“At the end of the day, this wasn’t about focusing on the objective, it was about making the objective meaningful to him.”
The work of teaching is both invigorating and challenging. We want to instill a love of math and learning in every student, and ensure that each and every child is college and career ready. How do we do this when each child’s needs are so different? How do we do this with the same set of curricular materials?
NCTM’s Principles to Actions: Ensuring Mathematical Success for All reminds us that access and equity hinge on “beliefs and practices that empower all students to participate meaningfully in learning … and to achieve outcomes in mathematics that are not predicted by or correlated with student characteristics.” (p. 60) What follows is the story of a first year teacher and two of her students. We invite you to reflect on how these curricular materials supported her in fostering strong mathematical identities in her students.
Illustrative Math 6–8 recommends that students have access to a geometry toolkit while working on related tasks. This toolkit may contain pens, colored pencils, rulers, flashcards, protractors, and—the most magical tool of all—tracing paper. Students acquaint themselves with these materials in the first unit at each grade level. As we take on different tasks, the toolkits are available for students to use as they see fit, inviting them to think about which tools are most appropriate for the task at hand.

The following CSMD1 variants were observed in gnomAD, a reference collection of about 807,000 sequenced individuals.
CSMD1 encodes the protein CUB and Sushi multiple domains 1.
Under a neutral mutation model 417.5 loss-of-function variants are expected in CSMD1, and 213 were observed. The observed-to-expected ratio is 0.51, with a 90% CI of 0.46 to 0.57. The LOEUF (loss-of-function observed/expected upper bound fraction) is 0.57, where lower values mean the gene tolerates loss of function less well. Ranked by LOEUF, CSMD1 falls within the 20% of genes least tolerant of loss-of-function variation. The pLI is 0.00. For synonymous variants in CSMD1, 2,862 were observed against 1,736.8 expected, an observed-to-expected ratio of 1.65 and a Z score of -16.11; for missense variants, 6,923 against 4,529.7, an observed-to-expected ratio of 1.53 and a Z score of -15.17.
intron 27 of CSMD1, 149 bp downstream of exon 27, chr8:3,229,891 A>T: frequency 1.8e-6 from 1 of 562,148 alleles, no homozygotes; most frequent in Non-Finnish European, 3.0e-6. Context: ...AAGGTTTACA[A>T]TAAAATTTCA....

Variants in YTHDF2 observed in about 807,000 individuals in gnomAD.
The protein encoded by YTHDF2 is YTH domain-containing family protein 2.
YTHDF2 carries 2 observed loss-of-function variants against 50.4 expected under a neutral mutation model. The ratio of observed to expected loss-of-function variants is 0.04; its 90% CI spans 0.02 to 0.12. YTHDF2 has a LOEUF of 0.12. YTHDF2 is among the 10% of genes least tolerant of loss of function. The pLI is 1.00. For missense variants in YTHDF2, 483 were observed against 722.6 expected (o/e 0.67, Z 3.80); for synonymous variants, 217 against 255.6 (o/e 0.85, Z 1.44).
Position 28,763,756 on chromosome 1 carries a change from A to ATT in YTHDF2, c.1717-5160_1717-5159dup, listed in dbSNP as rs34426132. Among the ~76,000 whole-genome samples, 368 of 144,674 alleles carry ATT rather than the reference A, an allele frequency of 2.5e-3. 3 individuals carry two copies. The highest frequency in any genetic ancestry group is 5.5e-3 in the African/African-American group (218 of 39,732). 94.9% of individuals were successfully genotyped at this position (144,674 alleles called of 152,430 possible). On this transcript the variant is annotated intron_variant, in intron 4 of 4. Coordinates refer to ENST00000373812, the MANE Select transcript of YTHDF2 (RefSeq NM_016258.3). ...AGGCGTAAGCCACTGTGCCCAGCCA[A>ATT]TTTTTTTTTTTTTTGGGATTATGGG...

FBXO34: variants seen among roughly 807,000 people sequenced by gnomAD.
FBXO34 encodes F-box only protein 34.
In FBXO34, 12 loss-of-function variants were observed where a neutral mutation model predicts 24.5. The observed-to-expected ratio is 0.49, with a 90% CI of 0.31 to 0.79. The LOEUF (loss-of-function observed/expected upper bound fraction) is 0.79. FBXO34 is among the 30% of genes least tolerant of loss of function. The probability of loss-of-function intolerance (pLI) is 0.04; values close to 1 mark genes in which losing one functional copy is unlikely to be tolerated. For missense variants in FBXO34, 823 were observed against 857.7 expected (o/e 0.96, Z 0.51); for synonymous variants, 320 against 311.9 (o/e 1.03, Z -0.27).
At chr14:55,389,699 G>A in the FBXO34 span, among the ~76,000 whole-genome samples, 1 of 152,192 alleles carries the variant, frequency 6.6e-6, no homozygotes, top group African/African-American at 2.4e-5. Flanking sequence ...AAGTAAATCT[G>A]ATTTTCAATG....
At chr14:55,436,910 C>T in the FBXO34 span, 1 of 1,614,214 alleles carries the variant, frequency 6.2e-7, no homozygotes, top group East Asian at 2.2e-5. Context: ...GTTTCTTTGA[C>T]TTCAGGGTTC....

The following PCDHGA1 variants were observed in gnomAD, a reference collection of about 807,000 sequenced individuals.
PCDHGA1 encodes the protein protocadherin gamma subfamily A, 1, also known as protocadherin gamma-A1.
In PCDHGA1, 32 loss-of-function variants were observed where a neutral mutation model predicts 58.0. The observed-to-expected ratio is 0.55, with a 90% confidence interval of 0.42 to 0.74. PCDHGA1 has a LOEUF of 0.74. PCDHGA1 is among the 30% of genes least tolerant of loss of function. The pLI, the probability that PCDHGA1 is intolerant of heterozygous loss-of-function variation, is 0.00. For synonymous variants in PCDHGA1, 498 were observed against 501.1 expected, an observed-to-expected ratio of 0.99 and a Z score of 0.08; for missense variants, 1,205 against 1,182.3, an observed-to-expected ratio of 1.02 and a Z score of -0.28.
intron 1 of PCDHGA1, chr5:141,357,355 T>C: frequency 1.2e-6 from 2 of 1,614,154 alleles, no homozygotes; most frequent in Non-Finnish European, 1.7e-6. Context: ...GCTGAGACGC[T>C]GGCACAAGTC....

The tracing paper is one of my favorites because it is a great tool for students to demonstrate their reasoning as they work on their written explanations. In grade 6, students can partition shapes and compare areas, in 7th grade students compare corresponding angle measures and in grade 8, students practice translations, reflections, and rotations which lead to conceptual understanding of similarity and congruence. In unit 4 of grade 8, students learn to solve systems of equations through various representations. They can balance hangers, solve algebraically, make tables or use a graph. One particular student, Charles, stood out during this unit. Throughout the year, Charles was an independent worker. He desired challenge, but waited for me to provide it. In this unit, he used the tracing paper to make a connection between a visual and a graph, and from there his curiosity pushed his thinking.
Students were given the warm-up below.
We started by naming our two bugs—Danny Devito and Monsieur Jack Black—before proceeding with quiet think time, writing time and sharing time. After our warm-up activity students were given the following task:
Charles wondered if it was possible to connect the positions of the ladybug in the warm up to the positions of the second ladybug in the graph. I was curious, too, and encouraged him to develop his reasoning using some of the tools available (MP5: Use appropriate tools strategically). Charles asked for tracing paper and that was all he needed to go off on his own. He used the tracing paper to copy the line created by the positions of the ladybug in the warm-up and then used our chart from Unit 1 to help him determine what transformations he needed. After taking some time for trial and error, he concluded that by combining reflection and translation he could show the graph he was looking at aligned with the line he created in the warm-up.